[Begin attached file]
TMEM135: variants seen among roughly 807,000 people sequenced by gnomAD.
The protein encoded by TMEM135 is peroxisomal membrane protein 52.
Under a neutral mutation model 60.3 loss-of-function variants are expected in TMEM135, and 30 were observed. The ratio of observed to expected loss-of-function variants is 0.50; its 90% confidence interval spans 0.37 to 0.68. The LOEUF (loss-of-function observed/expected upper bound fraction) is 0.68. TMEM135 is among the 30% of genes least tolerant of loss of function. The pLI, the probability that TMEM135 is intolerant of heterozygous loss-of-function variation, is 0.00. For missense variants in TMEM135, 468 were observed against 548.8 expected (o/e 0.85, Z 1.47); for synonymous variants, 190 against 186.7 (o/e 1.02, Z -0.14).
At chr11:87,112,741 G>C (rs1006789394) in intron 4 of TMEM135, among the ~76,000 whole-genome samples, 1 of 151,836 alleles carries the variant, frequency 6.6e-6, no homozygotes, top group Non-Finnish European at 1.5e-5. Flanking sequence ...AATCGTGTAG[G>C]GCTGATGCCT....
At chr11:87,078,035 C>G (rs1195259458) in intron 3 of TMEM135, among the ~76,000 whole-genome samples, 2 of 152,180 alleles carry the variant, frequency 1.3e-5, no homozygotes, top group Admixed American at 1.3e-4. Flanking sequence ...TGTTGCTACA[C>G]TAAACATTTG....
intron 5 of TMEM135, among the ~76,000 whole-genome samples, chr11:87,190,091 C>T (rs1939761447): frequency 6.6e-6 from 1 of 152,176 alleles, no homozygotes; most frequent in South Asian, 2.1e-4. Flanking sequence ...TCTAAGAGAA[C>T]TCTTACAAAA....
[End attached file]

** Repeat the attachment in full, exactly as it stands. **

TMEM135: variants seen among roughly 807,000 people sequenced by gnomAD.
The protein encoded by TMEM135 is peroxisomal membrane protein 52.
Under a neutral mutation model 60.3 loss-of-function variants are expected in TMEM135, and 30 were observed. The ratio of observed to expected loss-of-function variants is 0.50; its 90% confidence interval spans 0.37 to 0.68. The LOEUF (loss-of-function observed/expected upper bound fraction) is 0.68. TMEM135 is among the 30% of genes least tolerant of loss of function. The pLI, the probability that TMEM135 is intolerant of heterozygous loss-of-function variation, is 0.00. For missense variants in TMEM135, 468 were observed against 548.8 expected (o/e 0.85, Z 1.47); for synonymous variants, 190 against 186.7 (o/e 1.02, Z -0.14).
At chr11:87,112,741 G>C (rs1006789394) in intron 4 of TMEM135, among the ~76,000 whole-genome samples, 1 of 151,836 alleles carries the variant, frequency 6.6e-6, no homozygotes, top group Non-Finnish European at 1.5e-5. Flanking sequence ...AATCGTGTAG[G>C]GCTGATGCCT....
At chr11:87,078,035 C>G (rs1195259458) in intron 3 of TMEM135, among the ~76,000 whole-genome samples, 2 of 152,180 alleles carry the variant, frequency 1.3e-5, no homozygotes, top group Admixed American at 1.3e-4. Flanking sequence ...TGTTGCTACA[C>G]TAAACATTTG....
intron 5 of TMEM135, among the ~76,000 whole-genome samples, chr11:87,190,091 C>T (rs1939761447): frequency 6.6e-6 from 1 of 152,176 alleles, no homozygotes; most frequent in South Asian, 2.1e-4. Flanking sequence ...TCTAAGAGAA[C>T]TCTTACAAAA....